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Title The Bandit Invincible: The Story of the Outlaw Butch Cassidy
Subject Criminals; History
Spatial Coverage Wayne County (Utah); Wyoming
Personal Names Cassidy, Butch (1866-?); Sundance Kid; Logan, Harvey
Description Historical account of Butch Cassidy's exploits
Creator Phillips, William T.
Publisher Rocky Mountain House Press
Contributors Dullenty, Jim; Baker, Pearl
Date Digital 2004-07-09
Date 1986
Type Text
Format application/pdf
Format Creation Scanned at 400ppi on an Epson Expression 1630XL flatbed scanner. Files saved as uncompressed TIFF and re-sized to JPEG using PhotoShop CS.
Source Original booklet: The Bandit Invincible: The Story of the Outlaw Butch Cassidy
Language eng
Rights Management Digital image copyright 2004, Green River Public Library. All rights reserved.
Holding Institution Green River Public Library, 85 South Long St., Green River, UT 84525
Source Physical Dimensions 66 p. : ill., ports. ; 30 cm.
Scanning Technician Nima Rakhsha
Metadata Cataloger Denice Hoffman
ARK ark:/87278/s6t43szj
Setname gr_pbb
Date Created 2005-03-18
Date Modified 2005-03-18
ID 317865
Reference URL

Page Metadata

Description "Well not much. I heard that they have a standing posse in Cheyenne who are waiting for you to stick up another train and I heard, too, that the Hawley boys are planning to stick up the First National Bank in Lander." "So the Hawleys are figuring on sticking up old Amoretti* eh? Well, it ain't in the catalog. Amoretti is too damn fine a man and besides he's a friend of mine, so I'll just have to bust up their little game in that direction. How's my old pal, Cooly? Is he in shape to carry me a couple hundred miles?" "Oh yes, he's in fine shape and just rarin1 to go." While Burns did some odd chores about the house, Butch sat down and wrote three or four short letters. One was addressed to Kid Curry; one to Dick Maxwell, another to a certain ranchman in the Rosebud country and lastly, a long one to his sweetheart in Lander in which he told her to look for him in their old hiding place in about a week. The following day, he started for the Hole-in-the-Wall. The next morning he was on his last lap to his destination. That day he arrived at Tom O'Day's very happy at being back on old familiar ground again and also within reach of something to eat. Tom and the boys were glad to see him and wanted to know about his exper- iences in the East. He told them about himself while he ate. He was told that not much had happened in this part of the territory except that a sheriff's party from Casper had ridden in there a few days back to look the "Hole" over for any signs of strays from the Wild Bunch. Staying over one day, he arrived in Lander three days later. Walking towards his secret meeting place he soon had his sweetheart in his embrace. "Oh, George**, I'm so glad you're safe," [she said]. Taking her arm, he led her toward the place he left his horse. He told her all about himself leaving out nothing that he thought might be of interest to her. There were no secrets between he and thts'woman he loved so dearly and who, in turn, loved him to the point of idolitry. They sat on the soft grass and he took her in his arms, held her against his breast telling her over and over how dearly he loved her. "We are thinking of moving to California," [she said], "but I can't bear the thought of leaving but I suppose I must. It is finally decided upon." "That would be fine. I could possibly see you oftener than I can while you are here. No one will be looking for me in that part of the country. If nothing happens to me within the next two years I think I'll leave this country and go to South America. And after I get settled I intend to return for you and then we shall always be together in a country [where] no one will know us and there will be no anxiety for either of us. "If you do conclude to move to California, be sure our mutual friend, you know who I mean, has your exact address. Although she has no suspicion of our attachment I shall find a way to learn your address from her and whenever I write you I shall use sensitive ink and write between the lines. "You can do the same in writing to me. All that is necessary is to put a little soda in some water and use a tooth pick in writing. Just the same as you would use a pencil. As soon as the writing is dry it can't be seen until after it has been subjected to heat or the fumes of ammonia or smelling salts. Can you remember this? You practice how to do this when you are alone then you will know how much soda to use in making it properly." As it was growing quite late it was necessary that the lovers should part. As they kissed each other with fond good-bye, little did either of them realize the many long and tortuous years that would pass before they would see each other again. Deciding to return to town, he led his horse quite close to her home and after kiss- ing her a final good-bye, he swung into the saddle and was off. "Eugene Amoretti was a cattleman and owner of the bank in Lander. Phillips' manu- script was the first indication they were secret friends. His bank was never robbed by the Wild Bunch, though in the heart of their territory. The association has been confirmed by other research. " "e Phillips' manuscript is also the first indication that intimate friends called him George Cassidy, instead of Butch. This has been recently confirmed. -33-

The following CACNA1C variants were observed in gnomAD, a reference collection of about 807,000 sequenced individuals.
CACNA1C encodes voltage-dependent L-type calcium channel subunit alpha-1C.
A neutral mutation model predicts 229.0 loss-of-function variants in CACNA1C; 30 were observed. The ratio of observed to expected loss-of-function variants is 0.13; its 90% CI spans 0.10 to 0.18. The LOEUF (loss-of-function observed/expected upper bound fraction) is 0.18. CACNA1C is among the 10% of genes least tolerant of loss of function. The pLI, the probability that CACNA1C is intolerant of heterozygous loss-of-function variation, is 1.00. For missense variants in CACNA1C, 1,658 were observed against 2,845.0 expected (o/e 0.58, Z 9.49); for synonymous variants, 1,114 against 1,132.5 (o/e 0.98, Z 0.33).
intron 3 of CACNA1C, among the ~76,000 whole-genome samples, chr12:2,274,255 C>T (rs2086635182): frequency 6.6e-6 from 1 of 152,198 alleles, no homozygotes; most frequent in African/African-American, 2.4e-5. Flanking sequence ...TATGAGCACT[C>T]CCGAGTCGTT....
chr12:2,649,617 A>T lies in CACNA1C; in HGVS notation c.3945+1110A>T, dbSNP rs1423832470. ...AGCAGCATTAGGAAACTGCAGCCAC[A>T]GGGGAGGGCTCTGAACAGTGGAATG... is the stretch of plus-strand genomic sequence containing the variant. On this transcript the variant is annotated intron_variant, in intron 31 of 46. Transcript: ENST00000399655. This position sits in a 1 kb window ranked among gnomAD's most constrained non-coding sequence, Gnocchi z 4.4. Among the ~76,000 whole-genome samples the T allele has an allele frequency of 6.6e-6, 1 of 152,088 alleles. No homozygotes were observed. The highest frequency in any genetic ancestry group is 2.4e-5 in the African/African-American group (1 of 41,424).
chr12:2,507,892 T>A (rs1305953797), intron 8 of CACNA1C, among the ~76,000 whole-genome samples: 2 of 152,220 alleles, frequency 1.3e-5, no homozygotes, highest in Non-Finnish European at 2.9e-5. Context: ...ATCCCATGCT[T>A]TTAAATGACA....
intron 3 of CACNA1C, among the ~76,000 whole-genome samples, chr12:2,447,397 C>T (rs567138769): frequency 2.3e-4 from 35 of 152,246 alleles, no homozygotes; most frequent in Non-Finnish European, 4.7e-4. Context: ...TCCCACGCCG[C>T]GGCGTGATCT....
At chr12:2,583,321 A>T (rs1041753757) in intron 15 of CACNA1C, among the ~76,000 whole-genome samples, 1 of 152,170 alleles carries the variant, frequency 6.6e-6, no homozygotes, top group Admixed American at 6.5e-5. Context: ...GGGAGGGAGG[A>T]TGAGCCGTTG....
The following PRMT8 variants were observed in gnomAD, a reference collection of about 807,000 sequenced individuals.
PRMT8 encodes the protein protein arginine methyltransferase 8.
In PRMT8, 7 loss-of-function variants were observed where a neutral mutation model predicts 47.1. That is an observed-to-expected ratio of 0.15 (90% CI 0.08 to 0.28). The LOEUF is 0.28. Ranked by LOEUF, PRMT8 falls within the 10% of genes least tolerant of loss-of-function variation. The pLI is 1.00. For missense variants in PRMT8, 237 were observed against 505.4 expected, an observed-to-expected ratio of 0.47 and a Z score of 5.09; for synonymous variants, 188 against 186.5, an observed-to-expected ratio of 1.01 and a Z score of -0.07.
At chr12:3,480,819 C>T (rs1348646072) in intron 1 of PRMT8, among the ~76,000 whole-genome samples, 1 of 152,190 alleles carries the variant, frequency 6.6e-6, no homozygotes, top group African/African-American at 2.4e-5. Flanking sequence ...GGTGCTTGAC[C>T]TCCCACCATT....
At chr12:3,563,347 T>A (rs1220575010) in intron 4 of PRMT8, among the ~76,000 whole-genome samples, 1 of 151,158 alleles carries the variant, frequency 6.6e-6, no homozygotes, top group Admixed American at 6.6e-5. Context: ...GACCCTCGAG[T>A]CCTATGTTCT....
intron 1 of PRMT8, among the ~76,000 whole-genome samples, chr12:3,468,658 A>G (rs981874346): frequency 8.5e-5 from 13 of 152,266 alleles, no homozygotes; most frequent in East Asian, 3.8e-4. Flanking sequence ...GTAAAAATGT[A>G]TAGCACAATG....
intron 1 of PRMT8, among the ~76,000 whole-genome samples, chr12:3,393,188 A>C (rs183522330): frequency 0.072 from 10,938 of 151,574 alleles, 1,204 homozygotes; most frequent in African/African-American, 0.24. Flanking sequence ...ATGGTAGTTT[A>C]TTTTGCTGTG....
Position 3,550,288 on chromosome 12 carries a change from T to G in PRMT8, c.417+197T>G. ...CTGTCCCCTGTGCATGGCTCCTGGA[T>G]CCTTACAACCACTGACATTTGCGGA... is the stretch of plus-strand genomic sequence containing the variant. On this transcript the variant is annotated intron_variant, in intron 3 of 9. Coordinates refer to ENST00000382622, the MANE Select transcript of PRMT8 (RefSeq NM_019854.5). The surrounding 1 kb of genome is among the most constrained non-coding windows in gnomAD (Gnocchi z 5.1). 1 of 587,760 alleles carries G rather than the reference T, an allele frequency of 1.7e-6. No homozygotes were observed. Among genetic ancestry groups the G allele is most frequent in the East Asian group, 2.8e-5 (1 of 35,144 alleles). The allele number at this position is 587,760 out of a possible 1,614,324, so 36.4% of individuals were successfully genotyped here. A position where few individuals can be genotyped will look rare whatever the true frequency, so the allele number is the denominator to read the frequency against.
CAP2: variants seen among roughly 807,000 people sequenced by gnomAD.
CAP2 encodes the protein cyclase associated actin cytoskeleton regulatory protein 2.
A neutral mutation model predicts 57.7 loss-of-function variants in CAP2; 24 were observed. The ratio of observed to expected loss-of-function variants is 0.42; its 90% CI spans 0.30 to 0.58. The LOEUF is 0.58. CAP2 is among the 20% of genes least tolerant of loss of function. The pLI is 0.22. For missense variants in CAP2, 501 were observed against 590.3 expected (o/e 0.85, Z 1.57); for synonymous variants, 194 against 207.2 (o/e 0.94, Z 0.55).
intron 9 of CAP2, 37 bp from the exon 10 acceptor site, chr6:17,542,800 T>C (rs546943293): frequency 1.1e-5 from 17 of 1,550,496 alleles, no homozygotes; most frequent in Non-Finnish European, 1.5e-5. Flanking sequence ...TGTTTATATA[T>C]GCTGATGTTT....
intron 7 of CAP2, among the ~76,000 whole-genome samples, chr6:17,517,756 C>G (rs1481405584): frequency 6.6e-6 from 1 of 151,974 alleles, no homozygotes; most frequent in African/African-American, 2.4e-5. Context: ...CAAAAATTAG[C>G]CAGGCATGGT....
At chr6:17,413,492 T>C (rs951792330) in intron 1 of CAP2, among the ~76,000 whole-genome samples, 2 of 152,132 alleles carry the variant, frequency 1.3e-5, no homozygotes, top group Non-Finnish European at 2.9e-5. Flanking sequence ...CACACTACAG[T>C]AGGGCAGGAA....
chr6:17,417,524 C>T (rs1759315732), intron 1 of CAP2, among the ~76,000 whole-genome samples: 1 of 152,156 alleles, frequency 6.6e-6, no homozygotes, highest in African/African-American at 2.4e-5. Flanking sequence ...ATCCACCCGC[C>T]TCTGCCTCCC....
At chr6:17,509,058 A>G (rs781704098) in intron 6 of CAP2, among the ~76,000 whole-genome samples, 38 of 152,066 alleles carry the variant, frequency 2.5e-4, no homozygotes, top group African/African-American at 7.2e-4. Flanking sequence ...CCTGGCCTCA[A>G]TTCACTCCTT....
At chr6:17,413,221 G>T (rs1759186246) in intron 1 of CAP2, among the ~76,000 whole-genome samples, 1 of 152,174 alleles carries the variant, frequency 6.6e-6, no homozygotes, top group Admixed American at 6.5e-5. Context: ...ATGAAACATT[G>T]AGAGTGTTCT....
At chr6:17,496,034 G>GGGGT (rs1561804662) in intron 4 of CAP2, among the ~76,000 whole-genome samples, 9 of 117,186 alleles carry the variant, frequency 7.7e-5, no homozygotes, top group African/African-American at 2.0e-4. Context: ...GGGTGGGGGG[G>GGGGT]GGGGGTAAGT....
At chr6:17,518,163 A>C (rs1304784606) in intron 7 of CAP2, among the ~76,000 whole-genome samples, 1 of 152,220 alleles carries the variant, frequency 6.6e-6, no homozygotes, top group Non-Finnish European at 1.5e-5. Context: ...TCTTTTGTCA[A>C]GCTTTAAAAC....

Format application/pdf
Identifier 038_GRL_BANDIT_PAGE33.JPG
Source Original booklet: Pearl Baker: Interviewed by John McFarlane
Setname gr_pbb
Date Created 2005-03-18
Date Modified 2005-03-18
ID 317831
Reference URL